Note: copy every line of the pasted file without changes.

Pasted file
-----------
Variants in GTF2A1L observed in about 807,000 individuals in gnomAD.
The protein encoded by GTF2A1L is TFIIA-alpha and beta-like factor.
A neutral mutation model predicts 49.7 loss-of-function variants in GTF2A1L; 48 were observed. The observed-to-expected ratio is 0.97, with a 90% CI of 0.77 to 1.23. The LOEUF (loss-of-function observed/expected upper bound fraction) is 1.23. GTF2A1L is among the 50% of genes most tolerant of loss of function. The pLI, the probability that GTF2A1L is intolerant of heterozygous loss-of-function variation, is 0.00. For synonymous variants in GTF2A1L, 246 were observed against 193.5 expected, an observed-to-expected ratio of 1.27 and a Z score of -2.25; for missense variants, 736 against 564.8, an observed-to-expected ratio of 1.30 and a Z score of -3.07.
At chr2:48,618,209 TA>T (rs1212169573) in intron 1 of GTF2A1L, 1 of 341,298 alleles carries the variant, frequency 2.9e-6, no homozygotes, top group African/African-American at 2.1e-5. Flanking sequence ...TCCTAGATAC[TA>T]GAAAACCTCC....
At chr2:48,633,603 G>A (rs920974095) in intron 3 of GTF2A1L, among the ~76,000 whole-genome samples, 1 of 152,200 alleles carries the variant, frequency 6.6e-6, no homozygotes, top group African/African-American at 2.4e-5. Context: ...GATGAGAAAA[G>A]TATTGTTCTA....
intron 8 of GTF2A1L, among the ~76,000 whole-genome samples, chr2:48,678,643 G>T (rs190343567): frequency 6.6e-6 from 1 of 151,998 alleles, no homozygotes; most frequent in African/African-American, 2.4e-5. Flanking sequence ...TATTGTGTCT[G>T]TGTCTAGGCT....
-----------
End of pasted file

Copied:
Variants in GTF2A1L observed in about 807,000 individuals in gnomAD.
The protein encoded by GTF2A1L is TFIIA-alpha and beta-like factor.
A neutral mutation model predicts 49.7 loss-of-function variants in GTF2A1L; 48 were observed. The observed-to-expected ratio is 0.97, with a 90% CI of 0.77 to 1.23. The LOEUF (loss-of-function observed/expected upper bound fraction) is 1.23. GTF2A1L is among the 50% of genes most tolerant of loss of function. The pLI, the probability that GTF2A1L is intolerant of heterozygous loss-of-function variation, is 0.00. For synonymous variants in GTF2A1L, 246 were observed against 193.5 expected, an observed-to-expected ratio of 1.27 and a Z score of -2.25; for missense variants, 736 against 564.8, an observed-to-expected ratio of 1.30 and a Z score of -3.07.
At chr2:48,618,209 TA>T (rs1212169573) in intron 1 of GTF2A1L, 1 of 341,298 alleles carries the variant, frequency 2.9e-6, no homozygotes, top group African/African-American at 2.1e-5. Flanking sequence ...TCCTAGATAC[TA>T]GAAAACCTCC....
At chr2:48,633,603 G>A (rs920974095) in intron 3 of GTF2A1L, among the ~76,000 whole-genome samples, 1 of 152,200 alleles carries the variant, frequency 6.6e-6, no homozygotes, top group African/African-American at 2.4e-5. Context: ...GATGAGAAAA[G>A]TATTGTTCTA....
intron 8 of GTF2A1L, among the ~76,000 whole-genome samples, chr2:48,678,643 G>T (rs190343567): frequency 6.6e-6 from 1 of 151,998 alleles, no homozygotes; most frequent in African/African-American, 2.4e-5. Flanking sequence ...TATTGTGTCT[G>T]TGTCTAGGCT....